In 1978 it was the very same Williams -- targeting Bossy -- who inspired the Maple Leafs to upset a superior Islanders team in a seven-game playoff.

As a Canuck, Tiger had been no less effective and Bossy was acutely aware of his upcoming foe.

"I knew Tiger would be trying to kill me again," Mike revealed, "and I was right. Tiger was Tiger. He taunted me, threw elbows at me, hooked, cross-checked, and punched me."

Having covered Game One of the Final on May 8, 1982, at the Coliseum, I vividly recall how threatening the Visitors could be. For one thing, they came out hitting and never stopped.

And for another, they looked like victors, nursing a 5-4 lead with less than five minutes remaining in the third period.

Bossy, who eluded Williams to score a first period goal, now was working on a line with Bryan Trottier but, once again, Arbour moved Clark Gillies off the unit, replacing him at left with with the indefatigable John Tonelli. 

Sure enough, JT's hustle enabled him to beat goalie Brodeur to a loose puck. Bossy, who had joined the attack, retrieved the rubber and scored, tying the game at 15:14. (You could almost feel the sigh of relief spreading through the arena.)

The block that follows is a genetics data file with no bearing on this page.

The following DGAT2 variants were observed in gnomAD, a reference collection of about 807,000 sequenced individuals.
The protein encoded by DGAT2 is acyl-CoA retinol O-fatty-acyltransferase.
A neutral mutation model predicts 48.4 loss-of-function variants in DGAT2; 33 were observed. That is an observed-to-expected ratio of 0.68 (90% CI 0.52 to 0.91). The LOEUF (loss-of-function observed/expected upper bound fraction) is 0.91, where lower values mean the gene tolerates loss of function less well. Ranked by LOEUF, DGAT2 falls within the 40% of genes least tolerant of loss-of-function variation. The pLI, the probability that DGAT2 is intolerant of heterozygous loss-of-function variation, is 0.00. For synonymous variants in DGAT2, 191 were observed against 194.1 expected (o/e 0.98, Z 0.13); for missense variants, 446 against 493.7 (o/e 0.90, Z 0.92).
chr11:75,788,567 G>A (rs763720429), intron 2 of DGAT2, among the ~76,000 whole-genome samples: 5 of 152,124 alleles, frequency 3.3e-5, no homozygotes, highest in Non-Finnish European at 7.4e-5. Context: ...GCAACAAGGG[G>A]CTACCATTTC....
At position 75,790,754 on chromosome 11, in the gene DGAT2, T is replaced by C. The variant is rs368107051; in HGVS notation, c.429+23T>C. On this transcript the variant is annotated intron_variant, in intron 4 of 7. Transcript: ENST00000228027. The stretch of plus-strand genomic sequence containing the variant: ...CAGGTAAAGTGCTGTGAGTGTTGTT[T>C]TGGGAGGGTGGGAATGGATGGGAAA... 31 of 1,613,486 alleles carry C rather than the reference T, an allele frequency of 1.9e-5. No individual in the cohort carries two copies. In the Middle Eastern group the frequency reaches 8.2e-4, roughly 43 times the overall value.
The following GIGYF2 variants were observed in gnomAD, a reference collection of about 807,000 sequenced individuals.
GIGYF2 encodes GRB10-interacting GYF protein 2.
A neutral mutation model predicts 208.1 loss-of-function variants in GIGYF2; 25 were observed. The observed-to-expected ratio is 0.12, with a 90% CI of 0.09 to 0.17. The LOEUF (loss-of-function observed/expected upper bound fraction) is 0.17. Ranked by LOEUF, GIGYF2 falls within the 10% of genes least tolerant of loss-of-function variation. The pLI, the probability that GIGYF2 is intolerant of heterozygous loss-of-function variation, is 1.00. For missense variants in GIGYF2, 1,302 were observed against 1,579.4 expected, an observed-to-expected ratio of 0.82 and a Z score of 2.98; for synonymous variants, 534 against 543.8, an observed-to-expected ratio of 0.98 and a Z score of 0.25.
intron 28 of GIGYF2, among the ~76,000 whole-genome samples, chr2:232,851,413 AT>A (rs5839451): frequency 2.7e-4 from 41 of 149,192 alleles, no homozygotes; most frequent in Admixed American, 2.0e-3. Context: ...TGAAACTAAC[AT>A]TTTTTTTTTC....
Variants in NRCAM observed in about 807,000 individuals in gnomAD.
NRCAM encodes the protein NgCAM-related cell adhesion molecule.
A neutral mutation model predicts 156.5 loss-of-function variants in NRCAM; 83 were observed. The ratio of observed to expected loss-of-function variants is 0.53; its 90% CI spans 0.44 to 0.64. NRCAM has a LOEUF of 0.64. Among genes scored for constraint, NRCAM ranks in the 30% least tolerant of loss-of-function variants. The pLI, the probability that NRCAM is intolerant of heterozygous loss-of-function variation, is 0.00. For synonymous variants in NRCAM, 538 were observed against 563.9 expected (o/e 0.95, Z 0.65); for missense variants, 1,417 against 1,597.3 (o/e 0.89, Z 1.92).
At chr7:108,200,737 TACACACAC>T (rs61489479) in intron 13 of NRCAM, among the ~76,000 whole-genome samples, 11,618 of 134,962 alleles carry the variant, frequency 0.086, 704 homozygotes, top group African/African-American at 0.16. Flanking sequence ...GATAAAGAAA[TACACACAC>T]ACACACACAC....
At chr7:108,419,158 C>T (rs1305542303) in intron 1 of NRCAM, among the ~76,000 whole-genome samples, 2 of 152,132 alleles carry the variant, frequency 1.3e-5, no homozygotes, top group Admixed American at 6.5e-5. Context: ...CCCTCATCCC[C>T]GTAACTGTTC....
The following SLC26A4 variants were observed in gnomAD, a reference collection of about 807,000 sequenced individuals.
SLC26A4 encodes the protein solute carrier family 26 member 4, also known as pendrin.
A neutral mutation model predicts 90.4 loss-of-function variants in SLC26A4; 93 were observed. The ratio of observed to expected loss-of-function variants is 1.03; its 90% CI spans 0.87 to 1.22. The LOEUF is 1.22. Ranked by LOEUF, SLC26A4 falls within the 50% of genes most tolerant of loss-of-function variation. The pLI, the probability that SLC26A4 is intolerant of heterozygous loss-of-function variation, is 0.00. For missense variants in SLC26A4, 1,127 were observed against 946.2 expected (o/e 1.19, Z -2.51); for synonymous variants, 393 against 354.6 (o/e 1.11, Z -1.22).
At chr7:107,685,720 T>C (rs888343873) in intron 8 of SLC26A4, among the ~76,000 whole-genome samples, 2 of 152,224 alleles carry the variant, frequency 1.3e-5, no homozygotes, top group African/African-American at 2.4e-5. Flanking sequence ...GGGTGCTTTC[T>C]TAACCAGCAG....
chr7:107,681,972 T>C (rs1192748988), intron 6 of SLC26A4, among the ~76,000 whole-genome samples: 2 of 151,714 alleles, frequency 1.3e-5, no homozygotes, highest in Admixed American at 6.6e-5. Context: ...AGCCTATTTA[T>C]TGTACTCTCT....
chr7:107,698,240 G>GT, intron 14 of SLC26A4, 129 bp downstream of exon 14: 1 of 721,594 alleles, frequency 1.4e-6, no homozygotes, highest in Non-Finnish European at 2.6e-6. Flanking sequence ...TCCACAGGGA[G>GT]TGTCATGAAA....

Overtime was like a pitcher's battle in the World Series. The first sudden death period featured clutch save after save alternately delivered by Brodeur and Smith. 

All signs indicated that the contest would move on to a second extra session when Vancouver's defenseman Harold Snepsts nursed the puck in his own zone with only ten seconds remaining in the first OT.

Video: Mike Bossy had record nine straight 50-goal seasons

Killing the clock seemed a simple matter but Snepsts went the complicated route.

Instead of corralling the rubber until the period-ending buzzer sounded, Snepsts inexplicably tried a perilous pass up the middle. Lurking along the route was Bossy, planted at the right face-off circle.

"Why Harold didn't just freeze the puck in the corner I'll never know," said Bossy. "I anticipated his move. I moved into the slot and the puck was there."

Next thing you knew, the rubber flew past Brodeur's glove side, clanged off the pipe and into the net -- with only one second left in the extra session.

With four well-chosen words in the Canucks dressing room, Brodeur summed up the reason for his club's unexpected demise: "Bossy is always there."

Crushed but still combative, the Canucks took a 3-2 lead into the third period of Game Two but the Isles retaliated with four in the final frame to skate off with a 6-4 triumph.